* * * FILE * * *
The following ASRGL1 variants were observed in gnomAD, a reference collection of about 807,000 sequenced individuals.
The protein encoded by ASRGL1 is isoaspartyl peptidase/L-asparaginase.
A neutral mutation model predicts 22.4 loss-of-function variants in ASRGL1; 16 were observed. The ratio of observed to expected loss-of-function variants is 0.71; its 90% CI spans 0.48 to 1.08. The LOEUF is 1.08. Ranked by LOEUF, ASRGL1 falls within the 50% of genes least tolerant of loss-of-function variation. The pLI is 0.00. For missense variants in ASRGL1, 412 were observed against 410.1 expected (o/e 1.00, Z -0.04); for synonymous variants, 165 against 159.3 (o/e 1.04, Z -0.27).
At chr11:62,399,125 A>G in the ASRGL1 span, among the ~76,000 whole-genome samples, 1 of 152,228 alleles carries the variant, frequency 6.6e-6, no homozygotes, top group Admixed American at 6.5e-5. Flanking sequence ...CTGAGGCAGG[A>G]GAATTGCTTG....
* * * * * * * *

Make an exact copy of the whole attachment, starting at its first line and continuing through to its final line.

The following ASRGL1 variants were observed in gnomAD, a reference collection of about 807,000 sequenced individuals.
The protein encoded by ASRGL1 is isoaspartyl peptidase/L-asparaginase.
A neutral mutation model predicts 22.4 loss-of-function variants in ASRGL1; 16 were observed. The ratio of observed to expected loss-of-function variants is 0.71; its 90% CI spans 0.48 to 1.08. The LOEUF is 1.08. Ranked by LOEUF, ASRGL1 falls within the 50% of genes least tolerant of loss-of-function variation. The pLI is 0.00. For missense variants in ASRGL1, 412 were observed against 410.1 expected (o/e 1.00, Z -0.04); for synonymous variants, 165 against 159.3 (o/e 1.04, Z -0.27).
At chr11:62,399,125 A>G in the ASRGL1 span, among the ~76,000 whole-genome samples, 1 of 152,228 alleles carries the variant, frequency 6.6e-6, no homozygotes, top group Admixed American at 6.5e-5. Flanking sequence ...CTGAGGCAGG[A>G]GAATTGCTTG....